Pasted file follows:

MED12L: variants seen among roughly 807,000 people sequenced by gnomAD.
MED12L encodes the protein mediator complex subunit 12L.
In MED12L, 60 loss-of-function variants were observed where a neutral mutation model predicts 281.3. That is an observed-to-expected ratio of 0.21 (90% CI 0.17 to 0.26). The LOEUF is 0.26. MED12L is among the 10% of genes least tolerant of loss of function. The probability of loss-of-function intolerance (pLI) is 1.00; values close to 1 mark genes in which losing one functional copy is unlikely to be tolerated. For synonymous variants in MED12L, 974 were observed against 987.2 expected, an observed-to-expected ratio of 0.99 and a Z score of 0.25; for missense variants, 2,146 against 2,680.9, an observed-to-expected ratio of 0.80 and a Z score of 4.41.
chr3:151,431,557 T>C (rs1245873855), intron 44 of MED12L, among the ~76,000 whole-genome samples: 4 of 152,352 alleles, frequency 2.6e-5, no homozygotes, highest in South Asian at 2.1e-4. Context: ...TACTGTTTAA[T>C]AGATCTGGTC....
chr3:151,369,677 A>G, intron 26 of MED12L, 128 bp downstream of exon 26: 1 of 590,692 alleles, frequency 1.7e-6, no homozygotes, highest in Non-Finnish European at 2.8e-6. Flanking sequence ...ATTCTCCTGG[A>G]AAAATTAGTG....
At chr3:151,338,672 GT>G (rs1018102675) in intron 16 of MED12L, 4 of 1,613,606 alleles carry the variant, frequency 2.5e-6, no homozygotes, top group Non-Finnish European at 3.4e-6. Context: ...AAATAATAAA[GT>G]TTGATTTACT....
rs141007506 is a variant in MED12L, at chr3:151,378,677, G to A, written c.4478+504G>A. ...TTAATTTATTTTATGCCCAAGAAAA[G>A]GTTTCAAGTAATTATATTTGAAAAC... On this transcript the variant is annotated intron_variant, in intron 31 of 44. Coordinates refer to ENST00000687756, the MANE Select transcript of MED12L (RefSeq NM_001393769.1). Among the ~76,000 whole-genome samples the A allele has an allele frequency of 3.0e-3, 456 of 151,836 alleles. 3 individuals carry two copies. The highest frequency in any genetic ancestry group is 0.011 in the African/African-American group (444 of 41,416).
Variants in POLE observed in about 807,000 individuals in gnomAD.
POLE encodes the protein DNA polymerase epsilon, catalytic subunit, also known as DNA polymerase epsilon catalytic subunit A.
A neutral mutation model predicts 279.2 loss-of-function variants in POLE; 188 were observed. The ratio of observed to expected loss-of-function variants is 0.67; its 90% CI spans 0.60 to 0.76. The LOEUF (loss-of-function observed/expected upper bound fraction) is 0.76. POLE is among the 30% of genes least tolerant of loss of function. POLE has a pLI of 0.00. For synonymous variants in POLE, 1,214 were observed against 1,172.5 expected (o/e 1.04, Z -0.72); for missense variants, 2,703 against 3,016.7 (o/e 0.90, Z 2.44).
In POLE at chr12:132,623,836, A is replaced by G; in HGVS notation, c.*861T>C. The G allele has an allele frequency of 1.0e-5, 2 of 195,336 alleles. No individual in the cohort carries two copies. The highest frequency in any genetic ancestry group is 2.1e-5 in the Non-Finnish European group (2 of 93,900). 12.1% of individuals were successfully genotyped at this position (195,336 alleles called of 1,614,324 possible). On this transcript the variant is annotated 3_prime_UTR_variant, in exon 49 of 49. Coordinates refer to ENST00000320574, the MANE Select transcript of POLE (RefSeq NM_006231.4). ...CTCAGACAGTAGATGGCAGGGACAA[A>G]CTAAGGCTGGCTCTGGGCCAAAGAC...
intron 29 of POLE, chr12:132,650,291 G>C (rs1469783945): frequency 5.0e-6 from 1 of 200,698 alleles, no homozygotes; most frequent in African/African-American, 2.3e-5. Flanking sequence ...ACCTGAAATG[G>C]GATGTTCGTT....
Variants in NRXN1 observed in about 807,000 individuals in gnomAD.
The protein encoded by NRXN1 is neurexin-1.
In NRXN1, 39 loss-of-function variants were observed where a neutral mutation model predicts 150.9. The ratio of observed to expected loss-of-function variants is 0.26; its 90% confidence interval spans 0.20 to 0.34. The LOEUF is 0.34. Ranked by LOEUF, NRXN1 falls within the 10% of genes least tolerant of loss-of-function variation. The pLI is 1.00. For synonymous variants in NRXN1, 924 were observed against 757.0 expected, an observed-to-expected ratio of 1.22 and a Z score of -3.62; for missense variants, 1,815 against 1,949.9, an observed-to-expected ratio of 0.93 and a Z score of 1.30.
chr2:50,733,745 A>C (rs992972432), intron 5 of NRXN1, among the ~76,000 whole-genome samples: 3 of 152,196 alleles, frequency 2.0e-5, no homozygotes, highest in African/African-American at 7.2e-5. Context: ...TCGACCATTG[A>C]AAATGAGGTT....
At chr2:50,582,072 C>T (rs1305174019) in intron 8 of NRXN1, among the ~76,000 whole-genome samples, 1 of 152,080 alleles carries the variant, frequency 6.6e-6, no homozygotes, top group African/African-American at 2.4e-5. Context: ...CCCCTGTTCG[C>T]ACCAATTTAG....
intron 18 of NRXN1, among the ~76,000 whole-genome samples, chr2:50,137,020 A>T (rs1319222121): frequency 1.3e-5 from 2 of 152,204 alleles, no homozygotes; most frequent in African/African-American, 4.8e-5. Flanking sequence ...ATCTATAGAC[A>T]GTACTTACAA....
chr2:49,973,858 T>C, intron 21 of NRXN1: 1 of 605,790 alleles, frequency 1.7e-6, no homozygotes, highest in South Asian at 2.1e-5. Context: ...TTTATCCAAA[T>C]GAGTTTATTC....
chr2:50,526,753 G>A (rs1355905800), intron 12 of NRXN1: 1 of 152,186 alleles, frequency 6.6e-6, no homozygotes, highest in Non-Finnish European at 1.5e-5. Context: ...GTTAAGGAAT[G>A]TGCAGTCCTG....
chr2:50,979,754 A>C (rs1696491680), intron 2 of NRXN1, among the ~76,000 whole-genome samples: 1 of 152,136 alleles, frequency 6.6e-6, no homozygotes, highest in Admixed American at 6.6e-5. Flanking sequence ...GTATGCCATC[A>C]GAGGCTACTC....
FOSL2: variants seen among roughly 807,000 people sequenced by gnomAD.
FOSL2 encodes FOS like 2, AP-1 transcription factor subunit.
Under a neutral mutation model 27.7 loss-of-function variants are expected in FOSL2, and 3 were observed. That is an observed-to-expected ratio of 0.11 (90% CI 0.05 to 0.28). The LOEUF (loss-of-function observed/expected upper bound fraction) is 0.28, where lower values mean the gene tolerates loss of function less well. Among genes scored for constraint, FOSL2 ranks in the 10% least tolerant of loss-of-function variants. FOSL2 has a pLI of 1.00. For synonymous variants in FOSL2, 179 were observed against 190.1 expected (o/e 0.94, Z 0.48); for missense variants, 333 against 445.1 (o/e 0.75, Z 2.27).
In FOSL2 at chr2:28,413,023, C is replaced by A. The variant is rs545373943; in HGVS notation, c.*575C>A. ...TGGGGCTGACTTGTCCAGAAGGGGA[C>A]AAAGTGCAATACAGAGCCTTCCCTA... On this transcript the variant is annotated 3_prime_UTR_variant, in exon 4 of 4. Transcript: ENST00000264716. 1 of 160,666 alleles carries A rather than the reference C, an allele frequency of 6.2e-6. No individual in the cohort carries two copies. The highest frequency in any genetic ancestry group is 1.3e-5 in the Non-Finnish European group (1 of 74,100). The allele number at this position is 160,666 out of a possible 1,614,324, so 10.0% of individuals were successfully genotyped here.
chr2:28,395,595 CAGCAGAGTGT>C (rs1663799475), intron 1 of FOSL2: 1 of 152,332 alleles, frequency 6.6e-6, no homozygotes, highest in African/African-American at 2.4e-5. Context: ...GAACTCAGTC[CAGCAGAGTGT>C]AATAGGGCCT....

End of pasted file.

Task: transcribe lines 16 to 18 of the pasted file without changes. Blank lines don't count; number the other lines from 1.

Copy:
chr2:50,733,745 A>C (rs992972432), intron 5 of NRXN1, among the ~76,000 whole-genome samples: 3 of 152,196 alleles, frequency 2.0e-5, no homozygotes, highest in African/African-American at 7.2e-5. Context: ...TCGACCATTG[A>C]AAATGAGGTT....
At chr2:50,582,072 C>T (rs1305174019) in intron 8 of NRXN1, among the ~76,000 whole-genome samples, 1 of 152,080 alleles carries the variant, frequency 6.6e-6, no homozygotes, top group African/African-American at 2.4e-5. Context: ...CCCCTGTTCG[C>T]ACCAATTTAG....
intron 18 of NRXN1, among the ~76,000 whole-genome samples, chr2:50,137,020 A>T (rs1319222121): frequency 1.3e-5 from 2 of 152,204 alleles, no homozygotes; most frequent in African/African-American, 4.8e-5. Flanking sequence ...ATCTATAGAC[A>T]GTACTTACAA....